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Childhoods spent exploring the countryside and admiring nature around The Ridgeway laid the foundations for Charles Rothschild, George Claridge Druce and Richard Jefferies to become leading figures in persuading others across the country and beyond to value and protect nature. In typical Victorian fashion, they collected and recorded what they found in careful detail, giving us a picture of what The Ridgeway was like then and what today’s conservation efforts could restore. Read on below to find out more…..

Just south of The Ridgeway, Dancersend was one of Charles Rothschild’s (1877-1923) first ‘good spots’ for nature where he and his older brother, as young boys, observed and collected moths and butterflies from the wildflower meadows and woods. As he grew older and explored further afield, he became aware that mechanised farming, quarrying and drainage schemes were a threat. In 1912, Charles called a meeting at the Natural History Museum in London to discuss his idea for a new organisation to protect the best places for wildlife in the British Isles. This meeting led to the formation of the Society for the Promotion of Nature Reserves (SPNR) which boasted influential members including Neville Chamberlain who later became the Prime Minister. With this initiative, Charles had laid the foundations for nature conservation as we know it today (and the SPNR later became The Wildlife Trusts!).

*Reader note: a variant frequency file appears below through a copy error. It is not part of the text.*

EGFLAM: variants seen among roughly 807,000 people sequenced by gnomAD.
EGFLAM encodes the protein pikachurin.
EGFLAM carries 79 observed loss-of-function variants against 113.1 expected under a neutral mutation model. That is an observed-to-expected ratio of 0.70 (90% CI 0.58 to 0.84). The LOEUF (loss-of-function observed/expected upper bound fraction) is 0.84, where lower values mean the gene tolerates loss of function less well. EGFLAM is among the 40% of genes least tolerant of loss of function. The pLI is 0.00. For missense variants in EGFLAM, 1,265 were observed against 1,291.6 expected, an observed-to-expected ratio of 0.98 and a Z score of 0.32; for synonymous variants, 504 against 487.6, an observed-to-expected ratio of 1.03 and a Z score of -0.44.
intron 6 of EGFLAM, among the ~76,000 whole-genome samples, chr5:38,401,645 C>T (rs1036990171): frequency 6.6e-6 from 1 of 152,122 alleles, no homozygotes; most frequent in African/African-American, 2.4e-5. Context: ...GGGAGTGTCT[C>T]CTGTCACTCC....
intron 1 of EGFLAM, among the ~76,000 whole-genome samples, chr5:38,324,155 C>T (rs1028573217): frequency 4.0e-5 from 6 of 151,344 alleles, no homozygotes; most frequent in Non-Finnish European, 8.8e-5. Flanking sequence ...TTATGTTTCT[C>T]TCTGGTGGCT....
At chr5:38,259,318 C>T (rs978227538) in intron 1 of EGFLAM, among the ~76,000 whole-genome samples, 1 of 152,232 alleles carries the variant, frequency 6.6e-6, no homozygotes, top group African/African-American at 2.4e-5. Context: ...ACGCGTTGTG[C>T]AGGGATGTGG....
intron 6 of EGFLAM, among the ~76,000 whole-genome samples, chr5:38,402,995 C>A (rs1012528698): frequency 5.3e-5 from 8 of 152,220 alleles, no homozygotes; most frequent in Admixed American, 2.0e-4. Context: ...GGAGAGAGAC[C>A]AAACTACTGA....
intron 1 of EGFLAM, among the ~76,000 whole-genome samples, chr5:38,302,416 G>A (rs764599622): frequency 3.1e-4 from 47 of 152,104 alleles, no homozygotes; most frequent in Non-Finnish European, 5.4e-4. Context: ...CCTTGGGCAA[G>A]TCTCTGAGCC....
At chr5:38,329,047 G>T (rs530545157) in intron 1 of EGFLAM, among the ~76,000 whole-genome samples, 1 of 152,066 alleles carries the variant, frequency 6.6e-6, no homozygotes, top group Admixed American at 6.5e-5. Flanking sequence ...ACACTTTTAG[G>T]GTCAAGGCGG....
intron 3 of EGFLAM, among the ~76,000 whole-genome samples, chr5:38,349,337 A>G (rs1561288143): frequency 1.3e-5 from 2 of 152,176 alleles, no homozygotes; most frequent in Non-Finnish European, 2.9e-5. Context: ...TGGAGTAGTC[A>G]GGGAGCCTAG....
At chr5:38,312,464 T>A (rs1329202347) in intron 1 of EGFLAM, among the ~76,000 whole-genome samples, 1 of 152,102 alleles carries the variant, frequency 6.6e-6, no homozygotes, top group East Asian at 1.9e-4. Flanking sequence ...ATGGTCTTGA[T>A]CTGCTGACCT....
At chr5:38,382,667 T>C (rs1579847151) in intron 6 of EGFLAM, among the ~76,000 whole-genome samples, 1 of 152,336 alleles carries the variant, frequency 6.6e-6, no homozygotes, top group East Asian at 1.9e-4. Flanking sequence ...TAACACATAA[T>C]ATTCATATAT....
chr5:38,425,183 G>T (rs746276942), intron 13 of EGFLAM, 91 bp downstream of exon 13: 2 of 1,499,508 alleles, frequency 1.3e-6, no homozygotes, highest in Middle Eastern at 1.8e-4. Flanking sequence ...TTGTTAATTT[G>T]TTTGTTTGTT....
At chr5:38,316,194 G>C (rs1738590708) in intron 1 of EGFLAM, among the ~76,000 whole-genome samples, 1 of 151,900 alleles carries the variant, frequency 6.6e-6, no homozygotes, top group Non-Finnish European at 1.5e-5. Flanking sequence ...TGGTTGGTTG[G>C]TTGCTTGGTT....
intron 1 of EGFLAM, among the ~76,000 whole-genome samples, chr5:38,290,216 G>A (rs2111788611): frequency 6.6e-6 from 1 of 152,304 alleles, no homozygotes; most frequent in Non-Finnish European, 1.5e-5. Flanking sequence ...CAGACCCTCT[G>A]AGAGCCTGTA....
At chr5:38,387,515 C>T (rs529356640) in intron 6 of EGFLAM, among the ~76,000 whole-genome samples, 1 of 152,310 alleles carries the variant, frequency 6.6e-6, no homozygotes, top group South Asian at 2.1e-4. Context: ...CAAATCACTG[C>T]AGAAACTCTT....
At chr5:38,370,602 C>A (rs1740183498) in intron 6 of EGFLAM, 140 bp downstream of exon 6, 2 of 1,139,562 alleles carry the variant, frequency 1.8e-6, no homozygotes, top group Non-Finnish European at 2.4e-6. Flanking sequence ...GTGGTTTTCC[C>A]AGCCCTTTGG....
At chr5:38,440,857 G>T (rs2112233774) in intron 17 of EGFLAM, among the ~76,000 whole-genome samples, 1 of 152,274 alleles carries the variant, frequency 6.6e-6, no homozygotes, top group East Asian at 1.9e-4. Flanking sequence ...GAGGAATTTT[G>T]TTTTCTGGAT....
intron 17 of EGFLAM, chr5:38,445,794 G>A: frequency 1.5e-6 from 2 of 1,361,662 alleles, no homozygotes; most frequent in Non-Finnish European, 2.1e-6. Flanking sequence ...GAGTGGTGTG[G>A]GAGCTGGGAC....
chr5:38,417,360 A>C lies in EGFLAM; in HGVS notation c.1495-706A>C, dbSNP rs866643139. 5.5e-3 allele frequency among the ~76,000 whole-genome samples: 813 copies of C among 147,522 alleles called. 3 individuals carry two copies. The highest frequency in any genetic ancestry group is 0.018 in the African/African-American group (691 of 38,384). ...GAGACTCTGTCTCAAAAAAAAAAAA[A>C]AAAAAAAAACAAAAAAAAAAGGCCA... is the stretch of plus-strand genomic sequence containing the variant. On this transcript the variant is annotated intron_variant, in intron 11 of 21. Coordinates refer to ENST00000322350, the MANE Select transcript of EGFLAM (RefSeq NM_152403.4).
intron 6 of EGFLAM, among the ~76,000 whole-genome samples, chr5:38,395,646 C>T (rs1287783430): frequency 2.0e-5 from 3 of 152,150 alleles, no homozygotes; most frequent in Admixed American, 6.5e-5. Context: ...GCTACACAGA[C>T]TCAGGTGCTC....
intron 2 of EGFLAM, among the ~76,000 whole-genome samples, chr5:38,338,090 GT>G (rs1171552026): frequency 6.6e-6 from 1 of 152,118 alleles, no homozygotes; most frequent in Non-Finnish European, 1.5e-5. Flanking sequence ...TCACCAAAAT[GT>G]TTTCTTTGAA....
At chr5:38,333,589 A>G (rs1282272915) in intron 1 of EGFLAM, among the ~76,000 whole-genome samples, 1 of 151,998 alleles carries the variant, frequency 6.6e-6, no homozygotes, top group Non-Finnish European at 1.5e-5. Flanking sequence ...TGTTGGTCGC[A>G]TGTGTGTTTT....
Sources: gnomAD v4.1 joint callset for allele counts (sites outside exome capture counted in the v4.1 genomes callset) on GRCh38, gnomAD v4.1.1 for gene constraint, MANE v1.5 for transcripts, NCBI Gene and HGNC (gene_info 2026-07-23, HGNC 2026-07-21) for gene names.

Rothschild’s vision was incorporated into legislation in 1949 with the ‘National Parks and Access to the Countryside Act’ which introduced National Parks, AONBs, National Trails and Sites of Special Scientific Interest. Today there are 24 Sites of Special Scientific Interest within 500m of The Ridgeway. These sites are legally designated as places of nationally important ecological and/or geological interest. They include areas which were first proposed in 1915 – Aldbury Nowers in Hertfordshire, Bacombe and Coombe Hills in Buckinghamshire, Ellesborough and Kimble Warrens in Buckinghamshire, Aston Upthorpe Downs in Oxfordshire and Hartslock in Oxfordshire. Dancersend is also an SSSI and was gifted to Berkshire, Buckinghamshire and Oxfordshire Wildlife Trust in 1939 as a nature reserve for them to manage in memory of Charles.

Several places in the Rothschild Reserves list were put forward by George Claridge Druce (1850-1932), a leading authority on British flora based in Oxford and a friend of Rothschild’s. Their friendship had developed through a shared love of orchids and they had enjoyed collecting trips together too. In fact, sharing an interest in plants put Druce in touch with numerous people across the country and across the world through the Botanical Exchange Club – members would post each other specimens to study. Under Druce’s influence, this club evolved into the Botanical Society of the British Isles which is now one of the world’s largest contributors of biological records!